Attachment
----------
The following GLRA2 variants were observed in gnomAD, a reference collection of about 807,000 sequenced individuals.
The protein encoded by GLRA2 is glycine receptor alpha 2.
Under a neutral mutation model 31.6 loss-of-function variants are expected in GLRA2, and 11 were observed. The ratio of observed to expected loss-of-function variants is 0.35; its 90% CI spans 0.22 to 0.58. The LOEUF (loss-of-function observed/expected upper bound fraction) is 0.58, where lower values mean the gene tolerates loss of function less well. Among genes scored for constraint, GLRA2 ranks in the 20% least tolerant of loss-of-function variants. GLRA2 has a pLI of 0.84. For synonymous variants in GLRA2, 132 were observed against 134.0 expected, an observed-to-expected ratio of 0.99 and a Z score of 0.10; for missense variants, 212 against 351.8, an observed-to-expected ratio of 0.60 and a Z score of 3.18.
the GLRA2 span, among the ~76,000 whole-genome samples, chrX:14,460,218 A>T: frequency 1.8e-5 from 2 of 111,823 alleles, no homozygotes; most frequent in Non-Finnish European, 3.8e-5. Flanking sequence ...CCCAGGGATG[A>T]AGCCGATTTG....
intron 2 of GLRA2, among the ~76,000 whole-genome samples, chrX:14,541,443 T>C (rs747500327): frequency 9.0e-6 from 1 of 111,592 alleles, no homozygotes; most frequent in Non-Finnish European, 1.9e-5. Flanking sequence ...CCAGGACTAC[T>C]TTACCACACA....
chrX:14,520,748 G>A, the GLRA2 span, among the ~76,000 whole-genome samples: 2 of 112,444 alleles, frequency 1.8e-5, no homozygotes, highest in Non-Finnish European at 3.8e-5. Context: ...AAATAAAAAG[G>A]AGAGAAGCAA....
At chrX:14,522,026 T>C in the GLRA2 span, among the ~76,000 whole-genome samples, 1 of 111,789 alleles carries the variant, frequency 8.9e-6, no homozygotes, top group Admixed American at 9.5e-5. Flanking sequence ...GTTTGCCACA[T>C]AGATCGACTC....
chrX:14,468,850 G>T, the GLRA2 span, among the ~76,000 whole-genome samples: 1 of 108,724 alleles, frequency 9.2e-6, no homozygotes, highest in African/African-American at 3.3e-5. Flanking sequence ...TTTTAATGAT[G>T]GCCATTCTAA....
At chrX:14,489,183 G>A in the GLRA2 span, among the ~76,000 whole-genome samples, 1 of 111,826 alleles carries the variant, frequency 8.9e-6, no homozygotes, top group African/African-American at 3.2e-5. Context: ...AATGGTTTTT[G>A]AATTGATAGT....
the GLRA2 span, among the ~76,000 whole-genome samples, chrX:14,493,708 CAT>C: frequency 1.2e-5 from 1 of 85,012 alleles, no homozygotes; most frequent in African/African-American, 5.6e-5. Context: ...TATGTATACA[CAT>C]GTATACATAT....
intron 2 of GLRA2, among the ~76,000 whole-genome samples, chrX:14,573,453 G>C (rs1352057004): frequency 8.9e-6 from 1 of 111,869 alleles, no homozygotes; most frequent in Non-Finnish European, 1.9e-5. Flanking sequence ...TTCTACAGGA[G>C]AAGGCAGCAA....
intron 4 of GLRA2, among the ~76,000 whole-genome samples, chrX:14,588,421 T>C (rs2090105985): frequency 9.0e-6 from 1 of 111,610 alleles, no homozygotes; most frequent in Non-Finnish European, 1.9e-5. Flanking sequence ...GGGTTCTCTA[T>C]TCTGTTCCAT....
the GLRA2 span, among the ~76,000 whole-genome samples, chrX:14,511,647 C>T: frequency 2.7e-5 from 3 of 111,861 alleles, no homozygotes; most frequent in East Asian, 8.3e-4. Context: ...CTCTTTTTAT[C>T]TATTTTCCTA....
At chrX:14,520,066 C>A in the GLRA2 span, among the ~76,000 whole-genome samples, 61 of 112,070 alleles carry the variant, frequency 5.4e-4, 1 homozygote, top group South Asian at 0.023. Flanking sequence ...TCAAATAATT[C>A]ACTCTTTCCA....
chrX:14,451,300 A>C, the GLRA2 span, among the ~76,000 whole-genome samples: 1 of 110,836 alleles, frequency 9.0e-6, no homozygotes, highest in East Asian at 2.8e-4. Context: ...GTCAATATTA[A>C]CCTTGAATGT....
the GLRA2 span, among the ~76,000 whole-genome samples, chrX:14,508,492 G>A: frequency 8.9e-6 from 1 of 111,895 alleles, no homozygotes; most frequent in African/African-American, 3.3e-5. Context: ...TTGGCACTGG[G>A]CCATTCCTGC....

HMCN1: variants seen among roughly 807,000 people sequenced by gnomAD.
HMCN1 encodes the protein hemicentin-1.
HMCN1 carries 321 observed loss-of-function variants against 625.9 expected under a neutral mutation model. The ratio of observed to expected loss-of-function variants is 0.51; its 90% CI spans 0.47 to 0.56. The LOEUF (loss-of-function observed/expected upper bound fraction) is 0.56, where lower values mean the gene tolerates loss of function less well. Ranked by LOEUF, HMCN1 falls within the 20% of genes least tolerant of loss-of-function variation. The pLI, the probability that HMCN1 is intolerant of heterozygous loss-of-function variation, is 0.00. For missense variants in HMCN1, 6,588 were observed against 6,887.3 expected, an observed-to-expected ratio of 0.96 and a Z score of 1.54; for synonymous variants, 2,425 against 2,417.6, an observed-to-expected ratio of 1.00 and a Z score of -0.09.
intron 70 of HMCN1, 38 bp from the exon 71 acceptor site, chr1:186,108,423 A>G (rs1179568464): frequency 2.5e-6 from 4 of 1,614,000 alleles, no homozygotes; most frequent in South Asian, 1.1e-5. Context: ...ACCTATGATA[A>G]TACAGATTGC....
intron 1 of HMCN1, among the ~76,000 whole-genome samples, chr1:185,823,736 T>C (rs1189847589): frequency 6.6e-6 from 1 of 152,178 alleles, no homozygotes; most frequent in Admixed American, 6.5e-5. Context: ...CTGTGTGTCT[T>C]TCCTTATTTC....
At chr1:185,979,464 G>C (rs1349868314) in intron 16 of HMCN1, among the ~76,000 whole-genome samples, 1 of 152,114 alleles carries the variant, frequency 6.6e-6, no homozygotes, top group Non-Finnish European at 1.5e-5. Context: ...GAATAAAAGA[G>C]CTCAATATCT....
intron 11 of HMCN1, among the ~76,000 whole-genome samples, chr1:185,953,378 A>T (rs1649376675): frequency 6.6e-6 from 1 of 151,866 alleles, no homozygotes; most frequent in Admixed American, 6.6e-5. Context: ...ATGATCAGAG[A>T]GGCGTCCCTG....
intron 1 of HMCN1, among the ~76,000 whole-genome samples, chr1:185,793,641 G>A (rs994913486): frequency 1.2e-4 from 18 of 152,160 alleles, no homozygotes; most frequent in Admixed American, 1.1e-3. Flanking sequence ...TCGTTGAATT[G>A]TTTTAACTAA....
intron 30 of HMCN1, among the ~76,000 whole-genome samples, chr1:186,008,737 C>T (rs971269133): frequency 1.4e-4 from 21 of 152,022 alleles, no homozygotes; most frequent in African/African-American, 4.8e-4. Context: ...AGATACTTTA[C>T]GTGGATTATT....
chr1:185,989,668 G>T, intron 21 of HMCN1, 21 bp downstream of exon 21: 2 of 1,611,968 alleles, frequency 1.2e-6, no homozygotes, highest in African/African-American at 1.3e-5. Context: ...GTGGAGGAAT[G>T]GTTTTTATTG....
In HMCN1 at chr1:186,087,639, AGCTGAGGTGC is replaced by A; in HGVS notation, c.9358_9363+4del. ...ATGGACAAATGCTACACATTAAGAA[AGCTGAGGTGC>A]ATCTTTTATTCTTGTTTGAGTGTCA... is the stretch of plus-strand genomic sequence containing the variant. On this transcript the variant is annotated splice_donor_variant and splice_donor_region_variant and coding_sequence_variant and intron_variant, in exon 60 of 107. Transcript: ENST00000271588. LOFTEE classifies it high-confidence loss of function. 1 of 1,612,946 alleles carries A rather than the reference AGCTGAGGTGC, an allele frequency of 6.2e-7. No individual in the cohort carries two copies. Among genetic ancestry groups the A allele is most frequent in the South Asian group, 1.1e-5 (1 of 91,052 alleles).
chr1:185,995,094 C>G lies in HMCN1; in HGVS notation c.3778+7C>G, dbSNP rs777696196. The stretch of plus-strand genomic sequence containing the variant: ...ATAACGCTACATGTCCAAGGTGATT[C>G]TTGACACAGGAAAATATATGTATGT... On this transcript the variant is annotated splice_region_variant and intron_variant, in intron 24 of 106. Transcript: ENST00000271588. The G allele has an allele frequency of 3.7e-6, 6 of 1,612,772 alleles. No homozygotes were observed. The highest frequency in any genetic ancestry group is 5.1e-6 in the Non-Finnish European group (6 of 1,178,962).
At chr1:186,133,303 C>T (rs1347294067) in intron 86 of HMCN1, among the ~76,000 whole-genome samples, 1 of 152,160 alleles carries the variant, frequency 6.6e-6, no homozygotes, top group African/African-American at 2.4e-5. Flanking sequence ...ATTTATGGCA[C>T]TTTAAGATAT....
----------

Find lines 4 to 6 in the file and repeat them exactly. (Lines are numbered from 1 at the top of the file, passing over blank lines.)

the GLRA2 span, among the ~76,000 whole-genome samples, chrX:14,460,218 A>T: frequency 1.8e-5 from 2 of 111,823 alleles, no homozygotes; most frequent in Non-Finnish European, 3.8e-5. Flanking sequence ...CCCAGGGATG[A>T]AGCCGATTTG....
intron 2 of GLRA2, among the ~76,000 whole-genome samples, chrX:14,541,443 T>C (rs747500327): frequency 9.0e-6 from 1 of 111,592 alleles, no homozygotes; most frequent in Non-Finnish European, 1.9e-5. Flanking sequence ...CCAGGACTAC[T>C]TTACCACACA....
chrX:14,520,748 G>A, the GLRA2 span, among the ~76,000 whole-genome samples: 2 of 112,444 alleles, frequency 1.8e-5, no homozygotes, highest in Non-Finnish European at 3.8e-5. Context: ...AAATAAAAAG[G>A]AGAGAAGCAA....